Your piece here fits into that genre of descriptions disclosing sides of human nature which are illuminated by the divine, and by life and practice in the divine. I'm very glad you wrote it.

Brother Charles said...

Thanks for the encouragement, and happy feast day. (St. Justin, patron of philosophers.)

Fr. Cory Sticha said...

I really wish we could have something like that in this diocese, but we are too spread out. Not to mention the priests who don't believe in the Sacrament of Confession and discourage it through unwillingness to offer it for the good of the faithful, as well as actively speaking against it.

Brother Charles said...

Wow, Fr. C. We'll have to pray for them.

Lee Gilbert said...

Father Charles,

Thanks you for this insightful and encouraging post.

It seems a strange and appalling thing to say, but as you know, among the many strategems of our ancient foe is to inculcate the idea that the entire goal of the priesthood is for a group of men to impose an exotic and literally incredible set of doctrines on the people for the sake of their ( the priests) own comfort and financial security. I am convinced that there is a constant falling away from the Church of people who have allowed their faith to get so weak that they are eventually seduced by this idea or something akin to it.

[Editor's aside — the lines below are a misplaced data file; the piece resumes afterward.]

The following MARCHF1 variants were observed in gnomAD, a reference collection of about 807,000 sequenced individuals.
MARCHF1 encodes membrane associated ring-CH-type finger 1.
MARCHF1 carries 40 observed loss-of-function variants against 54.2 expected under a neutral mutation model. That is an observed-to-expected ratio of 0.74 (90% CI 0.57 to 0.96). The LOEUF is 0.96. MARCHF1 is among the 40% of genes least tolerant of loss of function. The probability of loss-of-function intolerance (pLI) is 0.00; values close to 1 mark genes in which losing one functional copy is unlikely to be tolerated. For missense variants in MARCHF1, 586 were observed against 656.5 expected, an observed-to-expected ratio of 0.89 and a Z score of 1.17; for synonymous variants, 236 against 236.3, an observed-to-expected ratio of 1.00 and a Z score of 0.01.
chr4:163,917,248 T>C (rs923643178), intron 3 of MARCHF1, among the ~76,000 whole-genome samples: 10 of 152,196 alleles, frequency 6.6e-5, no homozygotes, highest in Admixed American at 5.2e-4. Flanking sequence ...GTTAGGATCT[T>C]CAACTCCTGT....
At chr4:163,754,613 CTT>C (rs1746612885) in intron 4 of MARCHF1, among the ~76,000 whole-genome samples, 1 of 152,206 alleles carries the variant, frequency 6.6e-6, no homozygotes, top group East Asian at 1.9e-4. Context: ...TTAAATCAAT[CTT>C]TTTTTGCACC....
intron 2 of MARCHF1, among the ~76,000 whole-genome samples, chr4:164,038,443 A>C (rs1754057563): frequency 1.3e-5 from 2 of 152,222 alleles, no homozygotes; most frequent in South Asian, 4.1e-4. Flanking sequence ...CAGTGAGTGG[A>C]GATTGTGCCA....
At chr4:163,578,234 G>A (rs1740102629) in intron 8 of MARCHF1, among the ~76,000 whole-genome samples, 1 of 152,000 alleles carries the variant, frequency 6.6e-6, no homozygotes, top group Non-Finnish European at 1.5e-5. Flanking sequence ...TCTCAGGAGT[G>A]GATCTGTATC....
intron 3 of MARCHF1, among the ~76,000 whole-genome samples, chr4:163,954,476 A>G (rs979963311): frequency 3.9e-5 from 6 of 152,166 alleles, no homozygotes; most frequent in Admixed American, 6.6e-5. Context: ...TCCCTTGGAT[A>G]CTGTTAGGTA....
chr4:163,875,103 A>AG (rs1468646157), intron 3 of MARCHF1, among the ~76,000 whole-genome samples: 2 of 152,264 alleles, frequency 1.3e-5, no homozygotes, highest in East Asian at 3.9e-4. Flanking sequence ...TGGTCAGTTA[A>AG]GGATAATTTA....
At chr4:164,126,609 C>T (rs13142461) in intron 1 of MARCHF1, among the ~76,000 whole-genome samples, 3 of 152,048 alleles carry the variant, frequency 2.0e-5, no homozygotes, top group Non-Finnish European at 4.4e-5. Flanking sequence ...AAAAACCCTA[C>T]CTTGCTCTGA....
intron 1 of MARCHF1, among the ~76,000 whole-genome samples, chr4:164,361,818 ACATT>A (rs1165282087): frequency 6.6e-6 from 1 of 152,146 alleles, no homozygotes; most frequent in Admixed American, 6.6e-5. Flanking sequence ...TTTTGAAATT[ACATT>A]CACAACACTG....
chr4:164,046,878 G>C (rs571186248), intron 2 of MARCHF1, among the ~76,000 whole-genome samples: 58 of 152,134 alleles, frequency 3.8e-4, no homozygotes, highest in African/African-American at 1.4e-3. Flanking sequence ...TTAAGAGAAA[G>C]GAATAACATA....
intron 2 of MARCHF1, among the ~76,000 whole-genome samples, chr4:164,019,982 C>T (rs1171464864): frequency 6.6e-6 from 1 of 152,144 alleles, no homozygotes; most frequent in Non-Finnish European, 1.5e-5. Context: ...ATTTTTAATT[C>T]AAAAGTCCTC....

That is why it seems to me so critically important for people to have constant reminders that priests also believe, to see them in line at Confession like anyone else, to find them at the Eucharistic chapel like anyone else, to find them kneeling in church saying the rosary or making a visit like anyone else. It is very encouraging, but also extremely rare.

For the most part, often the day to day experience of the faithful is to see prists appear from the sacristy for Mass and then disappear into the sacristy after Mass, coming onstage and then going offstage.

I am not at all knocking the idea of the priests' day of recollection and going to Confession away from the eyes of the faithful, but the scene called this other need to mind. We need to see that priests also are among the faithful-as odd as that might sound.

Anonymous said...

Father, please pray for our diocese in Canada as well. I don't know if our parish is typical, but Confession is never mentioned - we are always told, though, that "God loves you" - and any time I've arrived at the church 15 mins. before Mass (the time specified in the parish bulletin), the priest is nowhere to be found. Also, there is an issue of trust involved. I once told something to our pastor in strict confidence, and he revealed it to the Parish Wardens. When I told him how I felt, he blew up at me and said he'd "had no choice". (Too long a story to go into here). So, even though the Seal of Confession is involved, I simply do not trust this man and have no desire to approach him for the Sacrament. There are a lot of really sad things going on in the parish, and I'm no longer actively involved (was organist for 20 yrs). Sorry for the length, but reading your post I realized how it could be, and felt sad that things are so messed up around here.

Thank you and God bless you,